Hardy was the only player, among the five implicated, who returned to play in 2014. Cornerback KeiVarae Russell and defensive end Ishaq Williams have pledged to return in June.

And while Hardy made a modest nine tackles collectively in the five games he was eligible to play in this past season, he provided coach Brian Kelly with a much-needed safety net at a position group (safety) that was perilously thin in late November and into the bowl game.

Most importantly, he’s on track to walk away with an ND degree.

Time for a change?

An early signing period for football recruiting could become a reality this summer and implemented in the coming 2016 cycle if it passes through the necessary legislative channels.

Per Dennis Dodd of CBS, that 72-hour period would occur Dec. 16-18 if approved. Players would then have the option to sign during that window or wait until the traditional signing day, the first Wednesday in February.

Good for Notre Dame?

Per Dodd’s story, the 12-person early-signing committee that made the recommendation, uncovered in its research that 90 percent of the prospects end up signing with the first school they commit to anyway and only 10 percent flip.

The number flipping to Notre Dame during the Brian Kelly Era, including this class, is almost double (19 percent). That includes five players in the 2015 class, including four of its most highly rated prospects.

That group comprises tight end Aliz’e Jones (UCLA), quarterback Brandon Wimbush (Penn State), linebacker Josh Barajas (Penn State), cornerback Shawn Crawford (Michigan) and cornerback Ashton White (Virginia Tech).

With an early signing period, there are likely to be different dynamics and deadlines, but here are the players in the Kelly Era who flipped to ND after the dates of the proposed early signing period: Jones, Max Redfield, Gunner Kiel, Chase Hounshell, Aaron Lynch, Nick Martin, Luke Massa, Tate Nichols, Derek Roback, Danny Spond, Kona Schwenke, Peter Mokwuah and technically Stephon Tuitt.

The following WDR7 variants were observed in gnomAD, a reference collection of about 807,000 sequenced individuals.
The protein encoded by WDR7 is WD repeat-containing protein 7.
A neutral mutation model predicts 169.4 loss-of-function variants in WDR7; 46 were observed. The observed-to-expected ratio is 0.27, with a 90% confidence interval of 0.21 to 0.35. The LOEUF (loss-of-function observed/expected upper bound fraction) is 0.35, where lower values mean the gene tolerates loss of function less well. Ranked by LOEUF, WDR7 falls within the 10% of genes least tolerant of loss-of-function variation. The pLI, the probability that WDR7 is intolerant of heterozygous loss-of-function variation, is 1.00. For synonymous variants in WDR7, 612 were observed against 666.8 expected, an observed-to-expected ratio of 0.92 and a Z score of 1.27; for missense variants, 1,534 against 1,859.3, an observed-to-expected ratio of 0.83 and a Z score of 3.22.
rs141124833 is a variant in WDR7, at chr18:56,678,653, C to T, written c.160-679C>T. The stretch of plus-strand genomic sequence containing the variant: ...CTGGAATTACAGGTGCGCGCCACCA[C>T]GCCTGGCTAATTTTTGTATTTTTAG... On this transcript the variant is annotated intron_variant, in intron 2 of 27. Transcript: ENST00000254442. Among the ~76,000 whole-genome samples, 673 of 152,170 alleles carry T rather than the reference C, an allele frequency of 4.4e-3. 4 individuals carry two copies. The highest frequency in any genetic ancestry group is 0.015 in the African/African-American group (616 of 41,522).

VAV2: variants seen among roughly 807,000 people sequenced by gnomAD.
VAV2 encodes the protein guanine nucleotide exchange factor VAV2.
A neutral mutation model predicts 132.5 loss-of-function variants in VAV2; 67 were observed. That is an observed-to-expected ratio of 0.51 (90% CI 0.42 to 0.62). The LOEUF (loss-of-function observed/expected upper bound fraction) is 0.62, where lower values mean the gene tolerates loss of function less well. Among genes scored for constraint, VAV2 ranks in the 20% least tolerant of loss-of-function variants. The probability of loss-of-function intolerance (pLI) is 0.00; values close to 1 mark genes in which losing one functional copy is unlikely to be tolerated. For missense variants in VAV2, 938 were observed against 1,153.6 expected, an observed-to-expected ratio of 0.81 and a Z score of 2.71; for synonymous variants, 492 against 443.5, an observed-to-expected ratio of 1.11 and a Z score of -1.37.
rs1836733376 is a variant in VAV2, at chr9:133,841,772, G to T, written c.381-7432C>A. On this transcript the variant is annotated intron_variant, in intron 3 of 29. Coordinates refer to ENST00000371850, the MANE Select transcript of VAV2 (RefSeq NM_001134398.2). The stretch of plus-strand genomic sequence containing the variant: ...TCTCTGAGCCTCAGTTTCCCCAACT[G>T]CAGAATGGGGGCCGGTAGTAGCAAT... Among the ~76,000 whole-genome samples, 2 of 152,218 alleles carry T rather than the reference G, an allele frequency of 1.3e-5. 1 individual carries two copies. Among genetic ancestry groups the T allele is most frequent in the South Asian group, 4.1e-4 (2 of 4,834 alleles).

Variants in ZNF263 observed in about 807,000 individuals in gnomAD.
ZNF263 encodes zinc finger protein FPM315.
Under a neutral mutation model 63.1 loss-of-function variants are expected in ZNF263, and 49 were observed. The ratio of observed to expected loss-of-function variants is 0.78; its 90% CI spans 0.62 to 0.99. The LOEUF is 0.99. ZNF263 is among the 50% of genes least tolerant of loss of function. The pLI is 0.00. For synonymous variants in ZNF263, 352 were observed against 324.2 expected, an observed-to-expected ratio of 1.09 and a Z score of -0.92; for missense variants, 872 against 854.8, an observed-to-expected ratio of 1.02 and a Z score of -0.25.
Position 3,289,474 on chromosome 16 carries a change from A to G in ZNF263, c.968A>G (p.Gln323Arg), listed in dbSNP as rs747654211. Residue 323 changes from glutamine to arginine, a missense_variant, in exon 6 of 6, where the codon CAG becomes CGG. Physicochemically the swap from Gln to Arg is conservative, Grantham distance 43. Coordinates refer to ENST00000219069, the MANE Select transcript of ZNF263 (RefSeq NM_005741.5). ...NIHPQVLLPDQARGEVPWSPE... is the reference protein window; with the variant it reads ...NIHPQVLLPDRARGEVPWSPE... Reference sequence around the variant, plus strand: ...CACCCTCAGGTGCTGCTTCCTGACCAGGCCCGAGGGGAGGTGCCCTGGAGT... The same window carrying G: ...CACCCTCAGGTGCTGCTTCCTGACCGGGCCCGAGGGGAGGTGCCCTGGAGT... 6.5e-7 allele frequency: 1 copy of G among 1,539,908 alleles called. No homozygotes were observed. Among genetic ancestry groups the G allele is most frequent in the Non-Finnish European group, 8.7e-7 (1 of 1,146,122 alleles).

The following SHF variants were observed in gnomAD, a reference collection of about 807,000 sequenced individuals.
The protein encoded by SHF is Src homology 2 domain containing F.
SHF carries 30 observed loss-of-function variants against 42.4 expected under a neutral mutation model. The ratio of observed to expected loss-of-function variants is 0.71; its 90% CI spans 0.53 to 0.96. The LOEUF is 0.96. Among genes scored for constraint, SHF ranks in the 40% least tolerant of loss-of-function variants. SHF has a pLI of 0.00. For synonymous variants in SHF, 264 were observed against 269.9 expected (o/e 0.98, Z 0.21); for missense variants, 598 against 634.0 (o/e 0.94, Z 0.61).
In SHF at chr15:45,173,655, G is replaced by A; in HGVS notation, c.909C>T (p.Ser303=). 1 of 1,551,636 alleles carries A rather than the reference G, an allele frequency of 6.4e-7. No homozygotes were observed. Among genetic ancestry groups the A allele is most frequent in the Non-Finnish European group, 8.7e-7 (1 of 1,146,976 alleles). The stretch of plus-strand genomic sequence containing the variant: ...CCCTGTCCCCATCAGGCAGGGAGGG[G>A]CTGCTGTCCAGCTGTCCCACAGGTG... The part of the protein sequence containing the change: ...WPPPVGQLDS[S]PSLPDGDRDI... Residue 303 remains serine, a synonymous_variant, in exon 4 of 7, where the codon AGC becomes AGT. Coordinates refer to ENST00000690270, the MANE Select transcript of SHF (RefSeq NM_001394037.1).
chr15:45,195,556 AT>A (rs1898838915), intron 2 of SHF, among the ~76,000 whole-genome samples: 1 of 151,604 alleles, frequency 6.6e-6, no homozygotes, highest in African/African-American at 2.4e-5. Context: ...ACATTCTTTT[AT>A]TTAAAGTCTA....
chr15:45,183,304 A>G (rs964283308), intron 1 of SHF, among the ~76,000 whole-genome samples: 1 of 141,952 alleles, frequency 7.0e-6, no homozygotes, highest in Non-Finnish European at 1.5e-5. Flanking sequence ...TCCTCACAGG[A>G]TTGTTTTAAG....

Tuitt, though, both decommitted from and recommitted to ND after the projected early period, spending a few days as Georgia Tech recruit.

Many happy returns

After the numbers were adjusted for early entries into the NFL Draft, ND remains the team among the 65 Power Conference squads with the most returning starters in 2015, with 19.

Appalachian State leads all FBS teams with 20.

Two non-Power 5 Irish opponents match ND’s 19 —UMass (3-9) and Temple (6-6). The Owls are the only FBS school with all 11 defensive starters returning.

The rest of ND’s 2015 opponents and the returnees are as follows: Texas (6-7) 13, Virginia (5-7) 10, Georgia Tech (11-3) 13, Clemson (10-3) 11, Navy (8-5) 11, USC (9-4) 14, Pitt (6-7) 15, Wake Forest (3-9) 16, Boston College (7-6) nine, and Stanford (8-5) 13.

Class consciousness

DaVaris Daniels’ recent leap into the 2015 NFL Draft pool makes him the fifth member of Brian Kelly’s 2011 recruiting class that will leave the school early for the NFL without a degree.

Aaron Lynch did it in a roundabout way, transferring to South Florida after one year at ND, sitting out a season per NCAA transfer rules the year the Irish played for the national title, then leaving USF after one season on the field there.

The other early departures from the 2011 class all occurred last January — defensive end Stephon Tuitt, tight end Troy Niklas and running back George Atkinson III.

None of the four who were in last year’s draft was a first-rounder.


Notre Dame tight end Ben Koyack (88) scores a touchdown after Norfolk State outside linebacker Lynden Trail was called out for a face-mask violation during the Senior Bowl, Saturday at in Mobile, Ala. (AP Photo/BUTCH DILL)